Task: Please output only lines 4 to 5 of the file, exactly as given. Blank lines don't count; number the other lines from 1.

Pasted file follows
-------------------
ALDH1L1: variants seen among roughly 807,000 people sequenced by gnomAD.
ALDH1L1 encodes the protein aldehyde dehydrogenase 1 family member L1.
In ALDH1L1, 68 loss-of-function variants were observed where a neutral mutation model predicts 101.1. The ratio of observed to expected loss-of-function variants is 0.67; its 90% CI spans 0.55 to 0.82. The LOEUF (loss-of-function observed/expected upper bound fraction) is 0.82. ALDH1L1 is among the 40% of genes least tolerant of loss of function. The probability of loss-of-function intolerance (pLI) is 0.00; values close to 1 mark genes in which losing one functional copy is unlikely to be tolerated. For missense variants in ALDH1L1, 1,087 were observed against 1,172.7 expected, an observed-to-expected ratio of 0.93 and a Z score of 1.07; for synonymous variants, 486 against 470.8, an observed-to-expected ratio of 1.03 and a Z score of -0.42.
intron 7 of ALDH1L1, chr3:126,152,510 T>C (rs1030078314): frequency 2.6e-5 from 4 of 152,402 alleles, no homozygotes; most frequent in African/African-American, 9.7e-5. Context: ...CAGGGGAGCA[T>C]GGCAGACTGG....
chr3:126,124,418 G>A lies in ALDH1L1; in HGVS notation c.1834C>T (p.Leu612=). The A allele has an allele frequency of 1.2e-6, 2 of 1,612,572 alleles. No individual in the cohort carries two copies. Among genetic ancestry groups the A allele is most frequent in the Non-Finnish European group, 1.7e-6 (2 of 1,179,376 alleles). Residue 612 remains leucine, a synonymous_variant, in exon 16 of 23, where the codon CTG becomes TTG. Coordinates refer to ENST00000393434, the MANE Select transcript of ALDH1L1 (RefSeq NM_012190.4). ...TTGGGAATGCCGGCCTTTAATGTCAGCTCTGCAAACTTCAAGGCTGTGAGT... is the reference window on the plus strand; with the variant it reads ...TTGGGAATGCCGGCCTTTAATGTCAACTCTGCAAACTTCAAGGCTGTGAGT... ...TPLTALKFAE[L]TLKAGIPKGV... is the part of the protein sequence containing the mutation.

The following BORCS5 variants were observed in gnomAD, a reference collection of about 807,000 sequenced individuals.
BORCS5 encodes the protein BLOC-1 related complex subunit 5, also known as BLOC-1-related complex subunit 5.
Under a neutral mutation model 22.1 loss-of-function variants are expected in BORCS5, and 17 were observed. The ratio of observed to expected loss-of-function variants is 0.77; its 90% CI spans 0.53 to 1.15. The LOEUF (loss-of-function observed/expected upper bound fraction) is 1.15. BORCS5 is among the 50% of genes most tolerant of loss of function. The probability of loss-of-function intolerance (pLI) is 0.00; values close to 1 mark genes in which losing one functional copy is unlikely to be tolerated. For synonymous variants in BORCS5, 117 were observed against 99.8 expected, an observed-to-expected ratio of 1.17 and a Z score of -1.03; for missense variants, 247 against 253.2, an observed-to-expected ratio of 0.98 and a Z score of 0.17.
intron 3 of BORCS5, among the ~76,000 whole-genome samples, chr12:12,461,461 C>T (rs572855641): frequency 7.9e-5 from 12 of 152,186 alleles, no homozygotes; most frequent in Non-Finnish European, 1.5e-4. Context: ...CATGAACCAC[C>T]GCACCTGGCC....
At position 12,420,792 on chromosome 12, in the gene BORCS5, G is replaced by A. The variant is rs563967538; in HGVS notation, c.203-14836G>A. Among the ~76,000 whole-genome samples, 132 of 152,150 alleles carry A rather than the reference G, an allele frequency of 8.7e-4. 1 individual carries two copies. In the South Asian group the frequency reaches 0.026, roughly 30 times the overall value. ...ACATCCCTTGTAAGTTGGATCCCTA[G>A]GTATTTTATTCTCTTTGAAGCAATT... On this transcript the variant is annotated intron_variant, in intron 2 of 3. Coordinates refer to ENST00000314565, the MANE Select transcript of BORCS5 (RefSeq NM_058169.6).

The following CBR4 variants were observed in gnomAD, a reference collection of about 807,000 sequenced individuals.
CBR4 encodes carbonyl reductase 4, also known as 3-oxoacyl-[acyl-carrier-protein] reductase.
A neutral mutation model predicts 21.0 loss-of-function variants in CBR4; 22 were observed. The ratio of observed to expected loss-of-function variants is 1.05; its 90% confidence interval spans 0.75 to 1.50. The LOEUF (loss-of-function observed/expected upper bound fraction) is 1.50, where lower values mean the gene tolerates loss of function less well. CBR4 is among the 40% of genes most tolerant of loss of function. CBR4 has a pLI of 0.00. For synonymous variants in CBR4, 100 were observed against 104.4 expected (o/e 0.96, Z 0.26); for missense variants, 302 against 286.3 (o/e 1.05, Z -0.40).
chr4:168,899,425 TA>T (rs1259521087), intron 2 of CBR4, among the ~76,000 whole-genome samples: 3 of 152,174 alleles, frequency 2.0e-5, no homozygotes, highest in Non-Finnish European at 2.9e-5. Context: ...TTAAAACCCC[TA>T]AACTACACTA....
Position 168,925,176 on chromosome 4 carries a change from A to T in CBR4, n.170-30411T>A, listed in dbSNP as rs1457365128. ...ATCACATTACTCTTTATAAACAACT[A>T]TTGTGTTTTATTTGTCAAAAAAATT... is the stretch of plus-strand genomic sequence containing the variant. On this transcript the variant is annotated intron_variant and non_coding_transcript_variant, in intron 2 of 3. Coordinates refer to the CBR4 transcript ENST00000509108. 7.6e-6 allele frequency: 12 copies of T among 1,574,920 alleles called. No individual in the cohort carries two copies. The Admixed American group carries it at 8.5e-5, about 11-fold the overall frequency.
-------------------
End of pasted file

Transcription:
intron 7 of ALDH1L1, chr3:126,152,510 T>C (rs1030078314): frequency 2.6e-5 from 4 of 152,402 alleles, no homozygotes; most frequent in African/African-American, 9.7e-5. Context: ...CAGGGGAGCA[T>C]GGCAGACTGG....
chr3:126,124,418 G>A lies in ALDH1L1; in HGVS notation c.1834C>T (p.Leu612=). The A allele has an allele frequency of 1.2e-6, 2 of 1,612,572 alleles. No individual in the cohort carries two copies. Among genetic ancestry groups the A allele is most frequent in the Non-Finnish European group, 1.7e-6 (2 of 1,179,376 alleles). Residue 612 remains leucine, a synonymous_variant, in exon 16 of 23, where the codon CTG becomes TTG. Coordinates refer to ENST00000393434, the MANE Select transcript of ALDH1L1 (RefSeq NM_012190.4). ...TTGGGAATGCCGGCCTTTAATGTCAGCTCTGCAAACTTCAAGGCTGTGAGT... is the reference window on the plus strand; with the variant it reads ...TTGGGAATGCCGGCCTTTAATGTCAACTCTGCAAACTTCAAGGCTGTGAGT... ...TPLTALKFAE[L]TLKAGIPKGV... is the part of the protein sequence containing the mutation.